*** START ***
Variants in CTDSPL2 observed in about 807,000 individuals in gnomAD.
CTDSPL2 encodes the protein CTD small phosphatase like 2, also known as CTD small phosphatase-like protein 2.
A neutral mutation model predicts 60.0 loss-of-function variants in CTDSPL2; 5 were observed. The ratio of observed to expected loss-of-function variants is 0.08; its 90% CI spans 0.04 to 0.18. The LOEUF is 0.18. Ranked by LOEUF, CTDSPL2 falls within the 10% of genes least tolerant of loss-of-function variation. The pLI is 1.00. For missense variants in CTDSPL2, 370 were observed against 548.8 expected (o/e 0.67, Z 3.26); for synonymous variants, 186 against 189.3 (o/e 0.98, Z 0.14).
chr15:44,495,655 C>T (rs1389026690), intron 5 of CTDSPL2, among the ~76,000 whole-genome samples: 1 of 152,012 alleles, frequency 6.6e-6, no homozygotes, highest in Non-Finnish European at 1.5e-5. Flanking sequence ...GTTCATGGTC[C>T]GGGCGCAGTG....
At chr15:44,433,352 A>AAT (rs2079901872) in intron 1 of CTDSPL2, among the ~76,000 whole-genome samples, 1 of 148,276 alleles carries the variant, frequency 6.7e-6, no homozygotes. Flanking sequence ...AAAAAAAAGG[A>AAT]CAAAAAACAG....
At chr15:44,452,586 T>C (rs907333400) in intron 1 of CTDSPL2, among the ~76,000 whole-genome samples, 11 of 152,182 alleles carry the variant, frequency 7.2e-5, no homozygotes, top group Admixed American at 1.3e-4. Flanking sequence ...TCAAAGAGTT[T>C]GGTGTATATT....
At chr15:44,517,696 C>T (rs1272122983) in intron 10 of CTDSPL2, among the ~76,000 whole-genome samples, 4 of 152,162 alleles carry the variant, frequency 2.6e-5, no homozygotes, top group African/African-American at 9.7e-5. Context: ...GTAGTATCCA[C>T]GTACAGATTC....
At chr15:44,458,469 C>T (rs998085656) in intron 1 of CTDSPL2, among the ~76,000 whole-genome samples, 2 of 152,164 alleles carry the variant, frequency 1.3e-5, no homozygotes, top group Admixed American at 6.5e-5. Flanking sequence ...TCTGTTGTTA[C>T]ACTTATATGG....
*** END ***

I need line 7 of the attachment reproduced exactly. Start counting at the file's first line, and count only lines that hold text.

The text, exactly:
At chr15:44,517,696 C>T (rs1272122983) in intron 10 of CTDSPL2, among the ~76,000 whole-genome samples, 4 of 152,162 alleles carry the variant, frequency 2.6e-5, no homozygotes, top group African/African-American at 9.7e-5. Context: ...GTAGTATCCA[C>T]GTACAGATTC....